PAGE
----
Legal opinion

Construction contracts are difficult to manage because they are beset with uncertainties that are almost impossible to predict. This structural insecurity over the actual construction tasks not only results from environmental factors which cannot be controlled, such as the condition of the building plot or the weather conditions. It occurs because the parties must specify their mutual contractual obligations at a time when they simply cannot reliably foresee the effort ultimately necessary to ensure the realisation of the contractually agreed result. This makes the designing and handling of construction contracts incredibly complicated. The situation is aggravated further by an incomplete law and the somewhat problematic rule system of the VOB/B (German Construction Contract Procedures, Part B) in relation to certain important core issues. Thus, a comprehensive collection of judicial precedents which is extremely difficult to understand in detail has become a benchmark for the application of law in this area. Accordingly, the legal questions which stand in the way of the parties while they are performing construction contracts are often quite complex. It helps to have such legal questions evaluated by an independent, neutral legal expert so as to estimate the risks and to develop strategies for action that are least likely to cause disruption.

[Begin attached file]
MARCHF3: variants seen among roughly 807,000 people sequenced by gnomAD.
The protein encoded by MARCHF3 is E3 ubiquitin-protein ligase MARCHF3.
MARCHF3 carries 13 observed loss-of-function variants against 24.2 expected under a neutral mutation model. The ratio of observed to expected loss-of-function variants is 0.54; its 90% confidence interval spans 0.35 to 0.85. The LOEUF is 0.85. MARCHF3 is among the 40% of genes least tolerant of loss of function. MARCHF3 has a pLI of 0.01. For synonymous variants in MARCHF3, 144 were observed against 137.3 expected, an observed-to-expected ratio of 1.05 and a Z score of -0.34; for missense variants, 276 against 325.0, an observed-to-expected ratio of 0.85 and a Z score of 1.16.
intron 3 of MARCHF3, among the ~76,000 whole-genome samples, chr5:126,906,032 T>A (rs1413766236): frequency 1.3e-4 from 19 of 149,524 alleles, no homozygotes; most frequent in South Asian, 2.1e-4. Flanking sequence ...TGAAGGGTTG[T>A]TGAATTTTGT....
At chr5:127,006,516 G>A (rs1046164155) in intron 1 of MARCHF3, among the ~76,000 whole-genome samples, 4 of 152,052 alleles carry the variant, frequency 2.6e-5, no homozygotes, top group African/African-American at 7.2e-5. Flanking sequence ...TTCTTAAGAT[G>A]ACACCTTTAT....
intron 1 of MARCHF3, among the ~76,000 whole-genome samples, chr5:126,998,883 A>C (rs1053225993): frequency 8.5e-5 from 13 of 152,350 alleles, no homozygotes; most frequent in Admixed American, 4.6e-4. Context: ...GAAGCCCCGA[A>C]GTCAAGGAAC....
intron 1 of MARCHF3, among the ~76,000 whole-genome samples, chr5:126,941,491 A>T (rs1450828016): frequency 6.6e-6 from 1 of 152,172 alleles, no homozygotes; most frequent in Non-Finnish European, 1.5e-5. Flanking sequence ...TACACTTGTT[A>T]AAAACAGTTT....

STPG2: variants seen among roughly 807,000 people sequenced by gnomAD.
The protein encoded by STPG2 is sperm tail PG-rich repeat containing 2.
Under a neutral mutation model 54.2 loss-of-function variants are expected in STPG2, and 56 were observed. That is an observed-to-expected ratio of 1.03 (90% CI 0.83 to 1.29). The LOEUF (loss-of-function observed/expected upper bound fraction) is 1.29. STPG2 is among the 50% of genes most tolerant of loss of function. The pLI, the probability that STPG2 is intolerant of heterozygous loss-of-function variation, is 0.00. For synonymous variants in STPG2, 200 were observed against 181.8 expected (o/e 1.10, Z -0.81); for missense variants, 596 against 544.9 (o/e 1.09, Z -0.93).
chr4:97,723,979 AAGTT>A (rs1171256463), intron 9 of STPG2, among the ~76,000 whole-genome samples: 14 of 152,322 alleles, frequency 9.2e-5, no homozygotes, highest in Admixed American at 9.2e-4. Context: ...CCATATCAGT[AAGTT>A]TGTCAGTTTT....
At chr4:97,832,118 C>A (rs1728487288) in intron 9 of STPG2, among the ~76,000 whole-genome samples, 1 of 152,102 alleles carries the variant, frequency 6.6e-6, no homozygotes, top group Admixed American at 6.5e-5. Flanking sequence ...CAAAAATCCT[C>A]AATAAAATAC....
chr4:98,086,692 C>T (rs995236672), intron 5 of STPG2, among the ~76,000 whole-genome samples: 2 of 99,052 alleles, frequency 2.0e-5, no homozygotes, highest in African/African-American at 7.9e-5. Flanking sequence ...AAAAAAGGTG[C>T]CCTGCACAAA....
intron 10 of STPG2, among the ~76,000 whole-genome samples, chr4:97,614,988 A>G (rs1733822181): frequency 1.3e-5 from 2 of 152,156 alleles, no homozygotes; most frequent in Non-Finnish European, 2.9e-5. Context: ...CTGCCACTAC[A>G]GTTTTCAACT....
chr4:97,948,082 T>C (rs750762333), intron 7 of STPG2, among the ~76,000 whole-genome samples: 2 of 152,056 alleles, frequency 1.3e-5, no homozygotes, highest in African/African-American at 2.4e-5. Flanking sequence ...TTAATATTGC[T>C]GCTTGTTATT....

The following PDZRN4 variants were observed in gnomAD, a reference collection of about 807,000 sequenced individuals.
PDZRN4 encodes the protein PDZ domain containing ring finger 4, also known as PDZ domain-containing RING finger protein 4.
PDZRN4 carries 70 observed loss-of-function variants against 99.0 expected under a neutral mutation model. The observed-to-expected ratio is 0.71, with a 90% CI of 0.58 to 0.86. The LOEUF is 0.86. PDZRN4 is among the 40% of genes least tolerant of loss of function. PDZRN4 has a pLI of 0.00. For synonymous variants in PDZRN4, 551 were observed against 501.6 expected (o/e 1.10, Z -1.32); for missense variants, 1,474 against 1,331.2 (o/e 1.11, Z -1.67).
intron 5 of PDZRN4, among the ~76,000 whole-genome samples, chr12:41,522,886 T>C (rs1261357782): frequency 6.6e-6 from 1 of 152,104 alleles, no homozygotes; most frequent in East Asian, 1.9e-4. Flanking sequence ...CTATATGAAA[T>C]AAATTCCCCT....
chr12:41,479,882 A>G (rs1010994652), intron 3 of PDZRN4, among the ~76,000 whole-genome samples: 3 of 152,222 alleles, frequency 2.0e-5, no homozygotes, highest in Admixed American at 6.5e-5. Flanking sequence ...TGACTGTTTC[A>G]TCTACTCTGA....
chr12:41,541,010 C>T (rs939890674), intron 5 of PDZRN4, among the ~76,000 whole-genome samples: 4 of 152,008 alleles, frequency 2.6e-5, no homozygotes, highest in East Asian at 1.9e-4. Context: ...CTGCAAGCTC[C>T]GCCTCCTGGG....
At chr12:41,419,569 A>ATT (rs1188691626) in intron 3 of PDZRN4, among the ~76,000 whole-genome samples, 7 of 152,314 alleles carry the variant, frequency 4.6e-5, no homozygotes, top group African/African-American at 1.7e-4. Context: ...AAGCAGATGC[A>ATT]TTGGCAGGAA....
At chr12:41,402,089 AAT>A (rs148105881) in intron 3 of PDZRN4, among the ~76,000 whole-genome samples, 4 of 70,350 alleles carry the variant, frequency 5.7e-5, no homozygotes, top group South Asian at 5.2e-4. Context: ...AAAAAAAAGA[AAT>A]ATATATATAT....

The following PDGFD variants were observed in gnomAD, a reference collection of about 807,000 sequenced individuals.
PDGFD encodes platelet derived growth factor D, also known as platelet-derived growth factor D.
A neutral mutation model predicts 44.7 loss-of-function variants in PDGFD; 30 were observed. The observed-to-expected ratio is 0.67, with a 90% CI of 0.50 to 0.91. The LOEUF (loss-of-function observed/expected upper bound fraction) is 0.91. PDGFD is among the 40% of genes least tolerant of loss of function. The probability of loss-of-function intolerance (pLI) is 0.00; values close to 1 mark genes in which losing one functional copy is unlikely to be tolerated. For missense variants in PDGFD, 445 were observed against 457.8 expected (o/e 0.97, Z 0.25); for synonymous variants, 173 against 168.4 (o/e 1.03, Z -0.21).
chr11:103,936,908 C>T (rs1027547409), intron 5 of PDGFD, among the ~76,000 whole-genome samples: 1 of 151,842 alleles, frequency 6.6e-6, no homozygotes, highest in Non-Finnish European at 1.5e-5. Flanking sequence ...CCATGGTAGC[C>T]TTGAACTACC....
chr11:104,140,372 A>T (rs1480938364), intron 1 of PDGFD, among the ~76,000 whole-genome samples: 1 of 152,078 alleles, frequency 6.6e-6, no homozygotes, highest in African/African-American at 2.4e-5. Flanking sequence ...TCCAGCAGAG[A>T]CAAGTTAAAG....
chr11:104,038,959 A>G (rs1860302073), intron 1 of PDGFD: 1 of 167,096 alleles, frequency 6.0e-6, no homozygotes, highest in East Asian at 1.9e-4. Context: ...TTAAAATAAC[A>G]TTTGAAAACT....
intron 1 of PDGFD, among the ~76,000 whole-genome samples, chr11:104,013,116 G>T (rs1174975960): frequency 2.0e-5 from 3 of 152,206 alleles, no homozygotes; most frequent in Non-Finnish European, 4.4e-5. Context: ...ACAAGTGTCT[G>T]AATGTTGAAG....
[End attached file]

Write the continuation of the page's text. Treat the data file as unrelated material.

Prof. Stefan Leupertz is an expert in the judicial precedents of construction contract law in different civil law countries. He helped to design them himself while serving as as a judge of the German Federal Court of Justice from 2007 to the end of 2012. In addition, he has been doing research on the general law of obligations and service contract law (read more), as well as on the operational and economic facets of construction for many years.